A recent image of the Ritz Carlton in Waikiki
With our ever expanding arsenal of technology, the choice of which type of lighting to use becomes increasingly difficult. This dilemma is apparent in the realm of artificial lighting where varying types of Light-Emitting Diode (LEDs) compete against each other in order to be installed throughout a given city. However, while some LEDs may be more energy efficient, they also pose threats that must be addressed, making many wonder if the slightly better energy efficiency is worth the associated negative side effects.
LED lights have existed for many years and over this time, have become much brighter and energy efficient. Typically, LEDs consist of “cooler” and “warmer” colors. Cooler LEDs are brighter, have a bluish color and have a higher kelvin (K) temperature that uses less energy. Warmer LEDs on the other hand are dimmer, have a reddish color and burn at a lower kelvin temperature which uses more energy. When a higher K temperature is used for LEDs, less energy is consumed to produce light compared with the same energy expenditure for the lower K temperature LEDs. While this may make the higher kelvin/bluish lights seem like the obvious choice when lighting a street or stairwell, it is important to first consider the negative side effects associated with these higher kelvin lights.
When LEDs cast a more noticeable and intense bluish light, the viewer is receiving signals that tell the body to reduce the production of melatonin, which is directly responsible for the regulation of our circadian rhythm. In essence, this means that when exposed to high amounts of bluish light later in the evening and at night, living organisms will stay awake longer and negatively affect their body’s natural functions. Currently, we are seeing a large effort to reduce the amount of blue light that one receives at night, specifically with new electronic products that have a nighttime mode which make a screen’s colors “warmer” in order to try and have as little impact on the production of melatonin as possible. While this is a positive first step in reducing our nightly exposure to blue light, LED lights used to illuminate streets and buildings are lacking this capability and continue to have negative impacts on not only humans, but also many types of animals that rely heavily on their circadian rhythm in order to survive (specifically nocturnal animals).
Secondly, these brighter LED lights have already begun to create controversy in urban areas such as Waikiki. The numerous stairwells and parking lots that are illuminated by these lights without any shielding or dimming capabilities, allows for a vast amount of light pollution to be created. The end result of this is the loss of our night sky, the stars associated with it, and large man-made structures that look as if they are lighthouses mistakenly placed in the middle of a city. Luckily things seem to be changing. A recent draft of the Waikiki Special District Design Guidelines has, for the first time, begun to address the issue of light pollution. These guidelines state that “use of dark sky friendly lighting is recommended for site and security lighting,” “uplighting should not be used to illuminate large expanses of buildings or entire facades,” and finally that “colored lighting does not change more than once in any 24-hour time period.” These guidelines begin to clearly identify the major issue of light pollution in Waikiki and how such an issue can be properly controlled overtime.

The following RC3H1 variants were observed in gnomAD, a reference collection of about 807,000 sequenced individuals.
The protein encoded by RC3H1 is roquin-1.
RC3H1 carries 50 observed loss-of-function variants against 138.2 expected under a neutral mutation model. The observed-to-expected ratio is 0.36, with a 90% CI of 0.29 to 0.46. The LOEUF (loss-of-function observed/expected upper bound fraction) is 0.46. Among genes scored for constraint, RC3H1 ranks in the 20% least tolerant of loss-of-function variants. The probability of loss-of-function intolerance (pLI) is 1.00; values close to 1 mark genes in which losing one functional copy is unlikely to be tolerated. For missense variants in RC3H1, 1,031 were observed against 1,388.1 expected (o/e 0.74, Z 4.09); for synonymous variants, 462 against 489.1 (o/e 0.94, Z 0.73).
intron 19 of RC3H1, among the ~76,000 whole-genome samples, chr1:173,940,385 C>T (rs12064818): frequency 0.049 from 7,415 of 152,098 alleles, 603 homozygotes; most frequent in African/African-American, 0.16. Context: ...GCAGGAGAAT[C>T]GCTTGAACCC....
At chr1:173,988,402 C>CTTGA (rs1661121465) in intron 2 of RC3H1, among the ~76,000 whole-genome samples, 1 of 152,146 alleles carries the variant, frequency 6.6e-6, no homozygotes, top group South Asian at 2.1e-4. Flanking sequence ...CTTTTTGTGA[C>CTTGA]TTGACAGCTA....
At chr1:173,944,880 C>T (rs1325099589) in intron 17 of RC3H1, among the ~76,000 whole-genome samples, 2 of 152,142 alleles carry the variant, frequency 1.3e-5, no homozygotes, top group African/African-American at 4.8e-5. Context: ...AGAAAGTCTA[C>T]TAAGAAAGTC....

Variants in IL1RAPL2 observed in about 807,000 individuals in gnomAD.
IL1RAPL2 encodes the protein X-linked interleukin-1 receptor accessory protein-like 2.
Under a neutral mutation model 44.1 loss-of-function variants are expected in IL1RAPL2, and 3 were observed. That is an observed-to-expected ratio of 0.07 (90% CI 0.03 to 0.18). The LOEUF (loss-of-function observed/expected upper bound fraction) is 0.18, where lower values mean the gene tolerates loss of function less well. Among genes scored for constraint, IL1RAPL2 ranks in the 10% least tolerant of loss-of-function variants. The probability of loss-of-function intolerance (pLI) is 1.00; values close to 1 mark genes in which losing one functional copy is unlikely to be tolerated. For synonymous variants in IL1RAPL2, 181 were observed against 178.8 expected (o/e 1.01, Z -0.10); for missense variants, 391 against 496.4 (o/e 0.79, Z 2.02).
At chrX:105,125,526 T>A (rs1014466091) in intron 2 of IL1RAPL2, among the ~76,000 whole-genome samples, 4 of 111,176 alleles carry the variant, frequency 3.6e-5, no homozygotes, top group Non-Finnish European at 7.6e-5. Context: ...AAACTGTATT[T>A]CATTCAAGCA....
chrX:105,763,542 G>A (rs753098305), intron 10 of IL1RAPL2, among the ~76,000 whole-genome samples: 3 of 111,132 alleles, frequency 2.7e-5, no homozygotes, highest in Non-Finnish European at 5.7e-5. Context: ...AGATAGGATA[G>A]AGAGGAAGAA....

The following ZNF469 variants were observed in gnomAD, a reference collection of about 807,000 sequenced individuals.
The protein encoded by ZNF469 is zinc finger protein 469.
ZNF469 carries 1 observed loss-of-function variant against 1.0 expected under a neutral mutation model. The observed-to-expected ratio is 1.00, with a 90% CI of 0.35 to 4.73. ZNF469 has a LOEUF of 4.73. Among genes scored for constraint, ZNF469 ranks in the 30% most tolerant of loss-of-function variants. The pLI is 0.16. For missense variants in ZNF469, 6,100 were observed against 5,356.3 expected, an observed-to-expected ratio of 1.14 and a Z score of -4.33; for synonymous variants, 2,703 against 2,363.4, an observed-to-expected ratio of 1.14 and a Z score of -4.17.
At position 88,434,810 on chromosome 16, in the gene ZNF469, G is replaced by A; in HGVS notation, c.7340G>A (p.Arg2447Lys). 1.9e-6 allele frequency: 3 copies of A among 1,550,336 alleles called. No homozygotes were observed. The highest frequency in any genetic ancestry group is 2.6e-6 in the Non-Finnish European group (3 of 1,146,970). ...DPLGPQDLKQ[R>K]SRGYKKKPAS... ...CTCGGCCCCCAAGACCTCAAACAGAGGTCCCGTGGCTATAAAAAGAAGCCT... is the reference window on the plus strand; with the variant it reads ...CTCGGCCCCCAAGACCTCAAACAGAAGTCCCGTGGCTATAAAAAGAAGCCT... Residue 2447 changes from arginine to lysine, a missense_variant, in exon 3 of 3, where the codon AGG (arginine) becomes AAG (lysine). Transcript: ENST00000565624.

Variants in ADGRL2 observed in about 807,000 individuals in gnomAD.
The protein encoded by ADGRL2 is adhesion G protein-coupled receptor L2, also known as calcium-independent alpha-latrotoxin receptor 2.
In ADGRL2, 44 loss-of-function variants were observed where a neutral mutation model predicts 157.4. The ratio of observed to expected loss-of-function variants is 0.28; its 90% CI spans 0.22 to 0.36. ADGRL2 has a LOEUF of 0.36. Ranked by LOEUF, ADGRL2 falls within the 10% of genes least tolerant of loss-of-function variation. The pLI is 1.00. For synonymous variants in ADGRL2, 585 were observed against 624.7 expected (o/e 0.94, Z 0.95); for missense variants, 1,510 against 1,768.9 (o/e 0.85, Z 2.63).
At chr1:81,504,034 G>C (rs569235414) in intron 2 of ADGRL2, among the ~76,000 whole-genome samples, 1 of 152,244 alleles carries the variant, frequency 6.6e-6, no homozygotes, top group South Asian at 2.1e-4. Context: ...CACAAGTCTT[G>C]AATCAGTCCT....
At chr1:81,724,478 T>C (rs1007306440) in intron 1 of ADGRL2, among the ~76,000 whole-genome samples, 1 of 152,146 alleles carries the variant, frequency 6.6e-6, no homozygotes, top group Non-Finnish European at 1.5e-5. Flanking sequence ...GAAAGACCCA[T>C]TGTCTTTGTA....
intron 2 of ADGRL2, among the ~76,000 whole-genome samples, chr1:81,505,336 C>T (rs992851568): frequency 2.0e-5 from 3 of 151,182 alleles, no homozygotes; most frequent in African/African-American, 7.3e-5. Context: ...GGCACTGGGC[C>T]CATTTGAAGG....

Moving forward, in order to best minimize the negative impacts produced by light pollution, the use of lower kelvin/warmer lights should be advocated because a 3000K LED light produces half as much blue light as a 4000K LED, while only consuming a mere 6% more electricity. On top of this, by effectively managing light pollution sources (parking lots, street lights or stairwells) through such recommendations presented in the Waikiki Special District Design Guidelines, light pollution can be reduced in the Waikiki area. However, if switching to a lower kelvin LED is not an option, or developers do not wish to follow the newly proposed guidelines, the use of light shielding devices which only cast light upon a target area should be used. Additionally, the introduction of dimming features that rely on motion sensors, should be used in order to limit blue light exposure and the overall production of light pollution. By implementing these solutions over time, we should indeed begin to see a renaissance of Waikiki’s beautiful night sky and the benefits it provides for us all.
The Greenleaf is the online newsletter and blog of The Outdoor Circle. Here you will find updates on the projects and accomplishments of our many branches throughout the state, as well as programs with statewide impact.